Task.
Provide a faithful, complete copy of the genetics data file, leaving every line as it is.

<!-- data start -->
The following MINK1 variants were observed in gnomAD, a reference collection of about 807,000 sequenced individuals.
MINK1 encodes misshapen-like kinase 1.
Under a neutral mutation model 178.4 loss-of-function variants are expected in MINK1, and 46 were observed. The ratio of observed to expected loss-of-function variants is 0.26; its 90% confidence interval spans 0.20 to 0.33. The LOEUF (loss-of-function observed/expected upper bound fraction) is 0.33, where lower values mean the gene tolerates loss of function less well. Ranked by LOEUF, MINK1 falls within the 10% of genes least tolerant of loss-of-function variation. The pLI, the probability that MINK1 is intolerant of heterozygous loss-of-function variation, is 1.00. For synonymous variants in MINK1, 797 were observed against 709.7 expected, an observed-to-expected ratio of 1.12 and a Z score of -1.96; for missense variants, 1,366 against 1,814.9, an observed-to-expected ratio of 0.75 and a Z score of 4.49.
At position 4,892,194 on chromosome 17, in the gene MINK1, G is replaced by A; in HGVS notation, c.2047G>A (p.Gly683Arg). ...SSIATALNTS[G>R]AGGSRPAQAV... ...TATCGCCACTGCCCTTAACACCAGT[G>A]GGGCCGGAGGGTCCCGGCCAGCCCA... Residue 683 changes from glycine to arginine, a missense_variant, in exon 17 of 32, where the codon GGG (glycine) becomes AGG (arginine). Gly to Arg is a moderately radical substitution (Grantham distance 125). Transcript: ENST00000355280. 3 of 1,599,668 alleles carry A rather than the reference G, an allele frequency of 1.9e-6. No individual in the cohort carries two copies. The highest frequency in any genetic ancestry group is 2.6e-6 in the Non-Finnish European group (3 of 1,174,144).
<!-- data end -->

The following MINK1 variants were observed in gnomAD, a reference collection of about 807,000 sequenced individuals.
MINK1 encodes misshapen-like kinase 1.
Under a neutral mutation model 178.4 loss-of-function variants are expected in MINK1, and 46 were observed. The ratio of observed to expected loss-of-function variants is 0.26; its 90% confidence interval spans 0.20 to 0.33. The LOEUF (loss-of-function observed/expected upper bound fraction) is 0.33, where lower values mean the gene tolerates loss of function less well. Ranked by LOEUF, MINK1 falls within the 10% of genes least tolerant of loss-of-function variation. The pLI, the probability that MINK1 is intolerant of heterozygous loss-of-function variation, is 1.00. For synonymous variants in MINK1, 797 were observed against 709.7 expected, an observed-to-expected ratio of 1.12 and a Z score of -1.96; for missense variants, 1,366 against 1,814.9, an observed-to-expected ratio of 0.75 and a Z score of 4.49.
At position 4,892,194 on chromosome 17, in the gene MINK1, G is replaced by A; in HGVS notation, c.2047G>A (p.Gly683Arg). ...SSIATALNTS[G>R]AGGSRPAQAV... ...TATCGCCACTGCCCTTAACACCAGT[G>A]GGGCCGGAGGGTCCCGGCCAGCCCA... Residue 683 changes from glycine to arginine, a missense_variant, in exon 17 of 32, where the codon GGG (glycine) becomes AGG (arginine). Gly to Arg is a moderately radical substitution (Grantham distance 125). Transcript: ENST00000355280. 3 of 1,599,668 alleles carry A rather than the reference G, an allele frequency of 1.9e-6. No individual in the cohort carries two copies. The highest frequency in any genetic ancestry group is 2.6e-6 in the Non-Finnish European group (3 of 1,174,144).